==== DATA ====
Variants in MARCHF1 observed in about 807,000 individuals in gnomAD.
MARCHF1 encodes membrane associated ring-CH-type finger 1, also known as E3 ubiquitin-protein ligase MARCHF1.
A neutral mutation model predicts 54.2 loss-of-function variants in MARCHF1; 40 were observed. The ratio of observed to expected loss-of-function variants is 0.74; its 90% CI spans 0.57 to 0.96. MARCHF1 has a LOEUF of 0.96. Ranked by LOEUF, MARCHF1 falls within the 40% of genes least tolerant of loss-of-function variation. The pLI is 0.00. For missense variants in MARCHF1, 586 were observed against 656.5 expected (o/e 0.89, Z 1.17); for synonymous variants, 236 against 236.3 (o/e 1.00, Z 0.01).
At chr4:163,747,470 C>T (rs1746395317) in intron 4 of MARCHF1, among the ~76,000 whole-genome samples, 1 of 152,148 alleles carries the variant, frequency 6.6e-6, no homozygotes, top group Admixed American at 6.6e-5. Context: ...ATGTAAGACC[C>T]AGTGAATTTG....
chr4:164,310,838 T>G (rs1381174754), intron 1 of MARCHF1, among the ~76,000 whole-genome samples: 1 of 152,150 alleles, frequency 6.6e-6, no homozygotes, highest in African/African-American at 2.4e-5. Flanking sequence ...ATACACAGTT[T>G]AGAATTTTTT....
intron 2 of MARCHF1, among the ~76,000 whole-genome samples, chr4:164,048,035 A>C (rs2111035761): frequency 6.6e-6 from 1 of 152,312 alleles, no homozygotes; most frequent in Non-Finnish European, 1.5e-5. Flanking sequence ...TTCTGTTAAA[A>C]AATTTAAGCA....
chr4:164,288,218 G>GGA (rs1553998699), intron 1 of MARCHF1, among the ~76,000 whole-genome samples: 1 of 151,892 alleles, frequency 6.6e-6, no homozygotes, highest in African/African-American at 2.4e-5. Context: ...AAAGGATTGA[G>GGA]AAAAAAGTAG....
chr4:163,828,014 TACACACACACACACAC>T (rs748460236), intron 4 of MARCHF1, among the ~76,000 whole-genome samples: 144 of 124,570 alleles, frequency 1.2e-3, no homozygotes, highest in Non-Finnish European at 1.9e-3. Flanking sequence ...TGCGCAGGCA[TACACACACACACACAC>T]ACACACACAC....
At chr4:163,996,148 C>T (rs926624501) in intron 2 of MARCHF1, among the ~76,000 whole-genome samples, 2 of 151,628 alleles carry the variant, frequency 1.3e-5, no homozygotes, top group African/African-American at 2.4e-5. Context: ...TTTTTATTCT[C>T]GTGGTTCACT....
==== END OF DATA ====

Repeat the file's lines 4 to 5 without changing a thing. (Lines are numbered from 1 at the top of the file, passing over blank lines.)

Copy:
At chr4:163,747,470 C>T (rs1746395317) in intron 4 of MARCHF1, among the ~76,000 whole-genome samples, 1 of 152,148 alleles carries the variant, frequency 6.6e-6, no homozygotes, top group Admixed American at 6.6e-5. Context: ...ATGTAAGACC[C>T]AGTGAATTTG....
chr4:164,310,838 T>G (rs1381174754), intron 1 of MARCHF1, among the ~76,000 whole-genome samples: 1 of 152,150 alleles, frequency 6.6e-6, no homozygotes, highest in African/African-American at 2.4e-5. Flanking sequence ...ATACACAGTT[T>G]AGAATTTTTT....